Learning the ‘pointe’ of ballet

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Sadie House (8), learns how to act like a ferocious beast, which is tough to do when you’re so cute. Photo by Anita Grace.

Professional dancers offered local children a close-up examination of how ballet performances are created.

Ballet Jörgen’s family-friendly ‘Ballet 101’ workshops were held in Kitchissippi on Friday, March 14, one at Carlingwood and the other at the Rosemount library branch. Seven other libraries in Ottawa also offered the workshops during march Break.

Jennifer Johnston, the Rosemount librarian who hosted the event, said Ottawa’s libraries always provide extra programming for children during March Break. This year’s theme was “magic,” and the ballet workshops offered a glimpse into the magic of dance.

Four members of the Toronto-based company demonstrated how dancers use their bodies to convey emotions and tell stories. They showed how costumes and masks transform and enhance movements, how music contributes to the narrative, and how couples work together in lifting and balancing. They even passed around a pair of pointe shoes so children could feel how hard the toe tips are.

The hands-on workshop also allowed the roomful of children and adults to try some of ballet’s foot and arm positions, and even act like magical beasts by holding their hands like claws

“[These workshops] allow children to get a really intimate knowledge of some of the structure of ballet,” Johnston said. “It’s a wonderful opportunity to see dance at this level.”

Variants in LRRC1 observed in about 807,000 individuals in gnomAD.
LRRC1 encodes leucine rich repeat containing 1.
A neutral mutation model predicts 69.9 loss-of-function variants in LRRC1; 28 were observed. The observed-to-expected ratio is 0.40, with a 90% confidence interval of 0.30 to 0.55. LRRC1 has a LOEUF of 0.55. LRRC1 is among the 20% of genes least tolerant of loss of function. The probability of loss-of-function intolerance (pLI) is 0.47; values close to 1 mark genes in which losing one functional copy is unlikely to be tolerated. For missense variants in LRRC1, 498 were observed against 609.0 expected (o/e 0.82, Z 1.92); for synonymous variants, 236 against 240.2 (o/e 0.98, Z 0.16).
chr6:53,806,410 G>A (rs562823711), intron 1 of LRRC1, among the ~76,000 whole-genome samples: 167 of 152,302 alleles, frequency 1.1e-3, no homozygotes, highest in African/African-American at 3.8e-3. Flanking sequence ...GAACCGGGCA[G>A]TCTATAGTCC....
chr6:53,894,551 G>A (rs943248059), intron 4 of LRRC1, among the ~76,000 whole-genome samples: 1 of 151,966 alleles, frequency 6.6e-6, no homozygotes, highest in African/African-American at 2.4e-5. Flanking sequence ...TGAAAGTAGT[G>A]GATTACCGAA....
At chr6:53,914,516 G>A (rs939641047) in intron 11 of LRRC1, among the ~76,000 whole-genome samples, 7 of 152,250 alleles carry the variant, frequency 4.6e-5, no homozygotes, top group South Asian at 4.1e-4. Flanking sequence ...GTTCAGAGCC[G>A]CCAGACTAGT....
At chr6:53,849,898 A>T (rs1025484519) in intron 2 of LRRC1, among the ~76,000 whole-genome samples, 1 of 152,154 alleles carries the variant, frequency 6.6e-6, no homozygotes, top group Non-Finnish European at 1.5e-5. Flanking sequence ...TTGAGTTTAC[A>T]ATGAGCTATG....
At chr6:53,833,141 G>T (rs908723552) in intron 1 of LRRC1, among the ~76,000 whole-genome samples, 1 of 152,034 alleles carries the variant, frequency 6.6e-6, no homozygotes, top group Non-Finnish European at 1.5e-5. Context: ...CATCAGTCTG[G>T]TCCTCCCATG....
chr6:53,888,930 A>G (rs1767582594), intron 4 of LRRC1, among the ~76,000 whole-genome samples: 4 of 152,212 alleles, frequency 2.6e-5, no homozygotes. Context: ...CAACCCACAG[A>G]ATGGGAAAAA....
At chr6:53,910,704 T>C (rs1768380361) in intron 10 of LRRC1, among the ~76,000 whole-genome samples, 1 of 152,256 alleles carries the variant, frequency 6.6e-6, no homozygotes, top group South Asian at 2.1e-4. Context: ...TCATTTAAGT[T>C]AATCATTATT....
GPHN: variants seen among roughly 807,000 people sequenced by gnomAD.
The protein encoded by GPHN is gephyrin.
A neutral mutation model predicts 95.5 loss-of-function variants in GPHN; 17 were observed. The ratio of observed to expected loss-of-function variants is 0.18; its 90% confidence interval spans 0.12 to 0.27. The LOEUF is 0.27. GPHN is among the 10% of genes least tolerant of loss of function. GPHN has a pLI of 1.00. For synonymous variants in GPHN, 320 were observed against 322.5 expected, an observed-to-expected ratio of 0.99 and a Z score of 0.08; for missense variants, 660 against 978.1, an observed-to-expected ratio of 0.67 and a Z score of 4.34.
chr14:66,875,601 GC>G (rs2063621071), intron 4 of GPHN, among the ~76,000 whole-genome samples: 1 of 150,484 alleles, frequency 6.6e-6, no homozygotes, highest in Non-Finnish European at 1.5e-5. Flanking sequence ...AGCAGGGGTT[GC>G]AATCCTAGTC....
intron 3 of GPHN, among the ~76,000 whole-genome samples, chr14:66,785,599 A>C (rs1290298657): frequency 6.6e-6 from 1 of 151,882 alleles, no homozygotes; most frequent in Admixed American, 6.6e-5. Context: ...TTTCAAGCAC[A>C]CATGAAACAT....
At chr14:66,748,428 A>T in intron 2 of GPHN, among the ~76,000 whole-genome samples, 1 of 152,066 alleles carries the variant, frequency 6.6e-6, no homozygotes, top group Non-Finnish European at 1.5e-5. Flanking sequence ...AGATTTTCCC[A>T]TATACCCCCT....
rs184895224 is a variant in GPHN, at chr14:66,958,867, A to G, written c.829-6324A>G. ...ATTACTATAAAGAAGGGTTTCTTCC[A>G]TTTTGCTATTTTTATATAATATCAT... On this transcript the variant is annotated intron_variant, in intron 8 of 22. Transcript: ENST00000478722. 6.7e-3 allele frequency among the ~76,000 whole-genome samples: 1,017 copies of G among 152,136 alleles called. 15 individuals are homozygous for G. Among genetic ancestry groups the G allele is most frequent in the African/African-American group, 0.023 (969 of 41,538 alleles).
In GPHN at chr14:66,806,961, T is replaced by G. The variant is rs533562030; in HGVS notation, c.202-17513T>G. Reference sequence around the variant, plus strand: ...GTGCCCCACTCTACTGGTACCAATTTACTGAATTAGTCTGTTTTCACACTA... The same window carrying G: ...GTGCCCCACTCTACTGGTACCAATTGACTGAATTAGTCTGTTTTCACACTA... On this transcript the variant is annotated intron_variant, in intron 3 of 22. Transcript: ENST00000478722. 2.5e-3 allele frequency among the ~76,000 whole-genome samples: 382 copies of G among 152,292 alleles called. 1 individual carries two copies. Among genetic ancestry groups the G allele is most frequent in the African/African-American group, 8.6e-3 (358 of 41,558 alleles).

Westboro’s Annie Bérubé brought her children Jasmine, 7 and Noah, 4 to the performance at Rosemount Library. She said it was a “wonderful presentation of the storytelling aspect of ballet” and noted that Jasmine was spellbound throughout.

As part of the workshop, the dancers acted out a few short scenes from their upcoming performance of Romeo & Juliet. Through discussion and demonstration, they showed how they wordlessly convey Shakespeare’s emotion-packed narrative.

Heather Lumsden-Ruegg, a 24 year-old dancer from Newmarket, said these workshops are a great way to make ballet accessible to children. “Kids get a chance to really see dance up close.”

Ballet Jörgen offers approximately 200 similar workshops each year across Canada, bringing dance to small communities and remote parts of Canada which most dance companies never visit.

“Kids get to learn about ballet and ask questions they might not have thought of before,” Lumsden-Ruegg said. For the dancers, these workshops afford opportunities to connect with audiences in a unique way.

Ballet Jörgen will be performing Romeo & Juliet on March 29 at 7:30 pm at Centrepointe Theatre.

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